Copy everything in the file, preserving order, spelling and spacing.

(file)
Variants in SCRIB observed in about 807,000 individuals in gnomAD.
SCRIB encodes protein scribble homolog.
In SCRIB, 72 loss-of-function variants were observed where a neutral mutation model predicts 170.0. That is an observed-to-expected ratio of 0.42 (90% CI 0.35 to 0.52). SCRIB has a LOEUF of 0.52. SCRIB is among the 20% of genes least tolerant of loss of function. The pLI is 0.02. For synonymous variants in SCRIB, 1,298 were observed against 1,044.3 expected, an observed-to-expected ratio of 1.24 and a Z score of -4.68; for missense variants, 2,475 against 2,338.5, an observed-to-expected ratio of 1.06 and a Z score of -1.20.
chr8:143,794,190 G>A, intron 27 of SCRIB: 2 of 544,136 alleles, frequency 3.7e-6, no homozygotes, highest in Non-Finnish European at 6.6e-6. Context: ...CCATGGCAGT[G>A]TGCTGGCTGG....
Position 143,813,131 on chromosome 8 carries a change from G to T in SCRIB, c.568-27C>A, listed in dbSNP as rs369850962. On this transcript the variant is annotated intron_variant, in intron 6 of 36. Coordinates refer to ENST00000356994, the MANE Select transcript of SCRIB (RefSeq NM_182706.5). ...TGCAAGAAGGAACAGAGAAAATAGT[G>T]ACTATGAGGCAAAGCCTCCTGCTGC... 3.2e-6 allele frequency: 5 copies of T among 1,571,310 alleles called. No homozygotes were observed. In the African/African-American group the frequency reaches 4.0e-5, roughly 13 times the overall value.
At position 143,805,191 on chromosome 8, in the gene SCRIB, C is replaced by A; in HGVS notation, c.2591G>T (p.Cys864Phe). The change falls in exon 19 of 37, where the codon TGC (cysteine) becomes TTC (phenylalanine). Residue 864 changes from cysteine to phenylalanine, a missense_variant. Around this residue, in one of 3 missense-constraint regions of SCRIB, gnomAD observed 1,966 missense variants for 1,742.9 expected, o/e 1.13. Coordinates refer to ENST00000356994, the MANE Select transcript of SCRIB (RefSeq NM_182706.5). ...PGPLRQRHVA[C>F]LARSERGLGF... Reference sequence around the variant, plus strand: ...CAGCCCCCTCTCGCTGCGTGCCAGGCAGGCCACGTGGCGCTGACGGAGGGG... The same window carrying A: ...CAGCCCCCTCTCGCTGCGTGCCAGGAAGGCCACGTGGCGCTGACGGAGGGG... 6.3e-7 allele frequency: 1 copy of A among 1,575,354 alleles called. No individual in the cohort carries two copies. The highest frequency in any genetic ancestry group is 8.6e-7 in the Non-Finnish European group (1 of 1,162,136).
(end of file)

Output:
Variants in SCRIB observed in about 807,000 individuals in gnomAD.
SCRIB encodes protein scribble homolog.
In SCRIB, 72 loss-of-function variants were observed where a neutral mutation model predicts 170.0. That is an observed-to-expected ratio of 0.42 (90% CI 0.35 to 0.52). SCRIB has a LOEUF of 0.52. SCRIB is among the 20% of genes least tolerant of loss of function. The pLI is 0.02. For synonymous variants in SCRIB, 1,298 were observed against 1,044.3 expected, an observed-to-expected ratio of 1.24 and a Z score of -4.68; for missense variants, 2,475 against 2,338.5, an observed-to-expected ratio of 1.06 and a Z score of -1.20.
chr8:143,794,190 G>A, intron 27 of SCRIB: 2 of 544,136 alleles, frequency 3.7e-6, no homozygotes, highest in Non-Finnish European at 6.6e-6. Context: ...CCATGGCAGT[G>A]TGCTGGCTGG....
Position 143,813,131 on chromosome 8 carries a change from G to T in SCRIB, c.568-27C>A, listed in dbSNP as rs369850962. On this transcript the variant is annotated intron_variant, in intron 6 of 36. Coordinates refer to ENST00000356994, the MANE Select transcript of SCRIB (RefSeq NM_182706.5). ...TGCAAGAAGGAACAGAGAAAATAGT[G>T]ACTATGAGGCAAAGCCTCCTGCTGC... 3.2e-6 allele frequency: 5 copies of T among 1,571,310 alleles called. No homozygotes were observed. In the African/African-American group the frequency reaches 4.0e-5, roughly 13 times the overall value.
At position 143,805,191 on chromosome 8, in the gene SCRIB, C is replaced by A; in HGVS notation, c.2591G>T (p.Cys864Phe). The change falls in exon 19 of 37, where the codon TGC (cysteine) becomes TTC (phenylalanine). Residue 864 changes from cysteine to phenylalanine, a missense_variant. Around this residue, in one of 3 missense-constraint regions of SCRIB, gnomAD observed 1,966 missense variants for 1,742.9 expected, o/e 1.13. Coordinates refer to ENST00000356994, the MANE Select transcript of SCRIB (RefSeq NM_182706.5). ...PGPLRQRHVA[C>F]LARSERGLGF... Reference sequence around the variant, plus strand: ...CAGCCCCCTCTCGCTGCGTGCCAGGCAGGCCACGTGGCGCTGACGGAGGGG... The same window carrying A: ...CAGCCCCCTCTCGCTGCGTGCCAGGAAGGCCACGTGGCGCTGACGGAGGGG... 6.3e-7 allele frequency: 1 copy of A among 1,575,354 alleles called. No individual in the cohort carries two copies. The highest frequency in any genetic ancestry group is 8.6e-7 in the Non-Finnish European group (1 of 1,162,136).